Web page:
It was Lent, and my chosen penance that year was exposing in me just what a weak and pathetic man I was. That year, the combination of graduate studies, my job and our four small children was an “exhaustion-cocktail,” and so my threshold of tolerance was low. I began to back off on my early morning prayer discipline, as my struggles with guilt made prayer uncomfortable, and I found excellent excuses to busy myself with other things. I am excellent at that.

It was the third Sunday of Lent, and as Mass unfolded the Kyrie began. I had never heard this arrangement before. Immediately, its magnificent tones washed over me and I experienced the most profound awareness of being loved by God very specifically in what I considered my most loathsome self. I saw myself as a frightened child and immediately thought of God calling out to Adam, who was hiding in shame amid Eden’s trees: “Where are you?” But whereas previously I had always thought of those words as a divinely irritated reproach, I knew in that moment, with absolute clarity, these were words of tender compassion.

That grace not only remained with me throughout Lent, and emboldened me to return to daily prayer, but to this day if I hear this piece of music I am transported at once into the Garden, where mercy again calls out: “Where are you?” I am also reminded of Fr. Tom Hopko’s searching insight,

Whenever we pray Kyrie eleison, don’t imagine we’re trying to convince God to be something He isn’t. Like, “O God, you are usually a tyrant, be nice today if you please!”


We are simply making a declaration in the imperative form: “O God, you who ARE mercy, be who you are toward me!” Like a sunflower that turns toward the sun to receive its warmth and light, only when we confess with faith who God truly is can we receive what He longs to give us…

Gentle Heart of Jesus

Be humble towards God and gentle with your neighbor. Judge and accuse no one but yourself, and ever excuse others. Speak of God always to praise and glorify him, speak of your neighbor only with respect — do not speak of yourself at all, either well or ill. — Saint Margaret Mary Alacoque

There is a woman I have known since the late 1980’s who has been for me a life-mentor. Wife, mother and grandmother, she is a gentle soul who has dedicated the last ~fifty years of her life to caring for the elderly, mostly in nursing homes, in a ministerial capacity.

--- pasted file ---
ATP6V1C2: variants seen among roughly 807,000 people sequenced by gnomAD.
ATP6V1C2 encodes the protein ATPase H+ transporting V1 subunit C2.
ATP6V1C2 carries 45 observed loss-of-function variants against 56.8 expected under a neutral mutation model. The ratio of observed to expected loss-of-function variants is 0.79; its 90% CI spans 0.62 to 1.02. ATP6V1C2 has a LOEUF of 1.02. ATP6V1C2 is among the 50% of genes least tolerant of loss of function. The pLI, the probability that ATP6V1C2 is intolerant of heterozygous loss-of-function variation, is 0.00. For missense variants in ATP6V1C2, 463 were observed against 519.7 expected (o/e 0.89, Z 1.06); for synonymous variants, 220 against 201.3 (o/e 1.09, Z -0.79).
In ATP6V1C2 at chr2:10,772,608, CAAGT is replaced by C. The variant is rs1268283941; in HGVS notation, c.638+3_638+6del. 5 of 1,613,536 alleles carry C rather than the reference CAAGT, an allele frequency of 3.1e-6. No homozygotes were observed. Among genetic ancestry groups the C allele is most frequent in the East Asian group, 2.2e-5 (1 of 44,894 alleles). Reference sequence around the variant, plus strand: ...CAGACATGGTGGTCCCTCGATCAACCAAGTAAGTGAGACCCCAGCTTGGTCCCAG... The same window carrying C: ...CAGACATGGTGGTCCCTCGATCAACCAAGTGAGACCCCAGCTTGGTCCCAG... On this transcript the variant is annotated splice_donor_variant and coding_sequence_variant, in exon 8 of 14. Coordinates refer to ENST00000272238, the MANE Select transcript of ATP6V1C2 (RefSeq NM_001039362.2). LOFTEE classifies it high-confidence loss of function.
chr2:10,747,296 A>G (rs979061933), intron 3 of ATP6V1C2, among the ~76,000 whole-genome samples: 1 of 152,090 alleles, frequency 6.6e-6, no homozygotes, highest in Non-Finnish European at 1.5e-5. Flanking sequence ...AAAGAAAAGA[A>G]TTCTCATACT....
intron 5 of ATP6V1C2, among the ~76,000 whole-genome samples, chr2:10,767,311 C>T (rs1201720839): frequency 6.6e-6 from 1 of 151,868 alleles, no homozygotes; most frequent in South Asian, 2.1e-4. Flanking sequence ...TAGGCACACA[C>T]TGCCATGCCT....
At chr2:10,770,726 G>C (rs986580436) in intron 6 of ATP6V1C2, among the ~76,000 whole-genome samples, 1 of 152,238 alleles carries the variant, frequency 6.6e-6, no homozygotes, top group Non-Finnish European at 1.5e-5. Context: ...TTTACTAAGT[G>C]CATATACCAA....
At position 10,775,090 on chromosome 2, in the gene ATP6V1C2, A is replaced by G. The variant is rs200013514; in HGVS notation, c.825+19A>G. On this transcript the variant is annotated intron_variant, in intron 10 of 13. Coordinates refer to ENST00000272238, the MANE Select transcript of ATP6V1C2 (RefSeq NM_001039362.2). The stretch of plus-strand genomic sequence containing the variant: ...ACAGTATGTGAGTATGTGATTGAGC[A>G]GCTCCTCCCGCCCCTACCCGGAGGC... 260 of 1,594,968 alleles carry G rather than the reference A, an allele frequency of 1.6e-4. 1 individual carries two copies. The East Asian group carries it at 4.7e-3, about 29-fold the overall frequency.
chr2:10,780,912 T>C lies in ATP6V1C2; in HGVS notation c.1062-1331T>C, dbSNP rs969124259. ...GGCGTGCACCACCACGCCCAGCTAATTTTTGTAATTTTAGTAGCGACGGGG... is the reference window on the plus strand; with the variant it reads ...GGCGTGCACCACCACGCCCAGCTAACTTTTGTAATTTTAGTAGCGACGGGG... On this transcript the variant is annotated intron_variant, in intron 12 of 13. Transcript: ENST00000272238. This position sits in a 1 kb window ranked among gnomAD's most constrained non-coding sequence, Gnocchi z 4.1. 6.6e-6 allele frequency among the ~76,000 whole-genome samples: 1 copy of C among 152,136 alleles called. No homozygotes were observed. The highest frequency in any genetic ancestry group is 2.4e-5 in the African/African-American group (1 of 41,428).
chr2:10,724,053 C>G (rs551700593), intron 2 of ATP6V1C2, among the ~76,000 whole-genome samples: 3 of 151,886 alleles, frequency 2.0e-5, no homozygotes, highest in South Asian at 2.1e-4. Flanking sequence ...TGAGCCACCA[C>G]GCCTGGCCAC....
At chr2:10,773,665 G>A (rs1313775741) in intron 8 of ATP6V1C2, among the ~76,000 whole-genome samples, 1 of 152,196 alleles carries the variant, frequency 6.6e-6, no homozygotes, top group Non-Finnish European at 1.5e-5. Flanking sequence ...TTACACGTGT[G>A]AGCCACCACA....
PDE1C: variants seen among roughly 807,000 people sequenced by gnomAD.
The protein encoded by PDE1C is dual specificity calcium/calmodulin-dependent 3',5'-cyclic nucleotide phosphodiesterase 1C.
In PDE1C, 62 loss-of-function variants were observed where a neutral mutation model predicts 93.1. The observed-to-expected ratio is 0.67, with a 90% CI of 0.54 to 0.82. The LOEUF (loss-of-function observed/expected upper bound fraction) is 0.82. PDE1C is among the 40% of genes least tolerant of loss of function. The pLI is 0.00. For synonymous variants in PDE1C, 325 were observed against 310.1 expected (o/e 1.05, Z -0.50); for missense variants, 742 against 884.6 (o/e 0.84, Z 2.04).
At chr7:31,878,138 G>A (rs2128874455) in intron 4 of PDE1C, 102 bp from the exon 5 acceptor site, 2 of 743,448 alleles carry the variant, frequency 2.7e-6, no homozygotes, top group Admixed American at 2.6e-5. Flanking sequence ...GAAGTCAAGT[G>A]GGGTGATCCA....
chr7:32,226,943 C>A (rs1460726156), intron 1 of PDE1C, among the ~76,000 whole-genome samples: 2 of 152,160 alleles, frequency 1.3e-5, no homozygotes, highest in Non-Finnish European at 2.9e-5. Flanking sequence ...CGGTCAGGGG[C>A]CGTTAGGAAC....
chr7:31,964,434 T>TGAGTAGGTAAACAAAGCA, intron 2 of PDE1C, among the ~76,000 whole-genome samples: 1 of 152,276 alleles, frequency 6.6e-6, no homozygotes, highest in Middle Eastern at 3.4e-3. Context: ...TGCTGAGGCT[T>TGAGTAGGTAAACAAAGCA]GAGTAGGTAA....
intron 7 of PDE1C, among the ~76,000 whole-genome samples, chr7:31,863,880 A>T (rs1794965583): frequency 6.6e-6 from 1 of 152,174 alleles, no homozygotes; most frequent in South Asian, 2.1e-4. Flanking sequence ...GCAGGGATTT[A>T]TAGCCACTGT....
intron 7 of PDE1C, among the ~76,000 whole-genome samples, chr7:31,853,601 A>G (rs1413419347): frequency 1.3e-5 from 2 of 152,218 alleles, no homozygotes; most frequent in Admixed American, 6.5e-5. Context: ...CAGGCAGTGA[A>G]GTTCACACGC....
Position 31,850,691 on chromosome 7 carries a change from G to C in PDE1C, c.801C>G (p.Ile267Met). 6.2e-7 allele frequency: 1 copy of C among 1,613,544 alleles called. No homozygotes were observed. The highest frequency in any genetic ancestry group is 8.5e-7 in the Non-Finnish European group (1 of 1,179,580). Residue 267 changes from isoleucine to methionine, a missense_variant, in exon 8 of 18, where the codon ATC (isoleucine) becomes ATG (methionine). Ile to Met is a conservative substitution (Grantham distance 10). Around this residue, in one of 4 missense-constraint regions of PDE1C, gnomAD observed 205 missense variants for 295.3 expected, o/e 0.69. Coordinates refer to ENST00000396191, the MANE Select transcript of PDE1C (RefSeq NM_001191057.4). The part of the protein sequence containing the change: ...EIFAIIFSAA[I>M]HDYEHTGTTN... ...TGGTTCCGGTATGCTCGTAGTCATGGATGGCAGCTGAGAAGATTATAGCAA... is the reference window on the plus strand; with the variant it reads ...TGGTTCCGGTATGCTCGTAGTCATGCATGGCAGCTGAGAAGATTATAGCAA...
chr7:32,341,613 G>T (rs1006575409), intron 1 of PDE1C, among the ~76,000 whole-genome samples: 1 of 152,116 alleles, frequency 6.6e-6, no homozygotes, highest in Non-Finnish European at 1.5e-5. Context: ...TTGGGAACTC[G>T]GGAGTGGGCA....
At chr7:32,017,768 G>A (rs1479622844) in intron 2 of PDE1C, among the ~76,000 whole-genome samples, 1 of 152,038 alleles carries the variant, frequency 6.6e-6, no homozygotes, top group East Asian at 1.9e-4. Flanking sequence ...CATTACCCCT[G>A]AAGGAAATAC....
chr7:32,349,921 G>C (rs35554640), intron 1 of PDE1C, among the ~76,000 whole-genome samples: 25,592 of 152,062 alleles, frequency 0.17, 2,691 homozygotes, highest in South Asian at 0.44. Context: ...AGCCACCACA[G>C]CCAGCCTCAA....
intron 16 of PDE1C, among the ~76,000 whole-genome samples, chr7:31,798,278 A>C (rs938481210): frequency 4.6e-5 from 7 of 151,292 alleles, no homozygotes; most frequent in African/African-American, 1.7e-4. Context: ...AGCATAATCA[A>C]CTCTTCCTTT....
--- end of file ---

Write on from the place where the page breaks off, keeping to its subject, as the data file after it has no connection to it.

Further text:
She is a holy woman.

After reading the above quote in Magnificat yesterday, the rest of the day I thought of her — she embodies St. Margaret Mary’s counsel as no one I have ever known. Though she has courageously confronted countless injustices over the years in advocating for the protection of the elderly, she has never once, in my experience, spoken ill of anyone behind their back. No trash talk comes out of her mouth. What she says of others she says to them, or she doesn’t say it at all. She always seeks to give the most generous interpretation of every person’s behavior even as she uncompromisingly demands from them the highest standards.

Over the years, she was known for walking into toxic family situations, dismantling all hostility and leaving family members bathed in tears of reconciliation. How? First, she is a master at helping people see the world through another’s eyes, leading them to the “story behind the story” that, in the midst of flaring emotions and long-held grudges, is often overlooked. Second, she is so radically other-centered, sincere and empathetic that she disarms people. She embodies St. John of the Cross’ advice to a fellow Friar, “Where there is no love, put love — and you will find love.”

But third, and most importantly from her perspective, she had a deep devotion to what she always called the “gentle Heart of Jesus.” And she clung to the promise Jesus made to St. Margaret Mary that those devoted to His Heart would receive “the gift of touching the most hardened hearts.” Before she would walk into any situation, she would invoke the Sacred Heart of Jesus to envelop the room she was about to enter.

When I was going through a hard time in the early 1990’s, and was consumed by hatred for a particular person, at the end of our conversation she said, “Can I pray with you about this?” “Of course,” I said. She prayed something like this:

Dear Jesus, Tom is so hurt. Only you know why [this person] is the way he is. You have known [this person] since he was in his mother’s womb, growing up, you’ve known his every thought. And only you know, Jesus, why he treated my brother Tom the way he did. Your Heart grieves. You know the pain of both these men, you carried both their pains together in your Heart on the Cross. O gentle Sacred Heart, help Tom to see [this person] the way you see him, and help my brother Tom to find your love for him and for [this person].

Let’s just say, that prayer unchained me.

Dr. Mario, what is prayer?

On this memorial feast day of St. Teresa of Avila, doctor of prayer, it seemed appropriate to share a podcast my friend, Dr. Mario Sacasa, and I did on prayer. Dr. Mario’s podcasts are a treasury of wisdom, and I highly recommend them to all interested in the ways faith and reality intersect in hope: https://faithandmarriage.org/alwayshope/

He is a long time friend, colleague and inspiration to me and my family!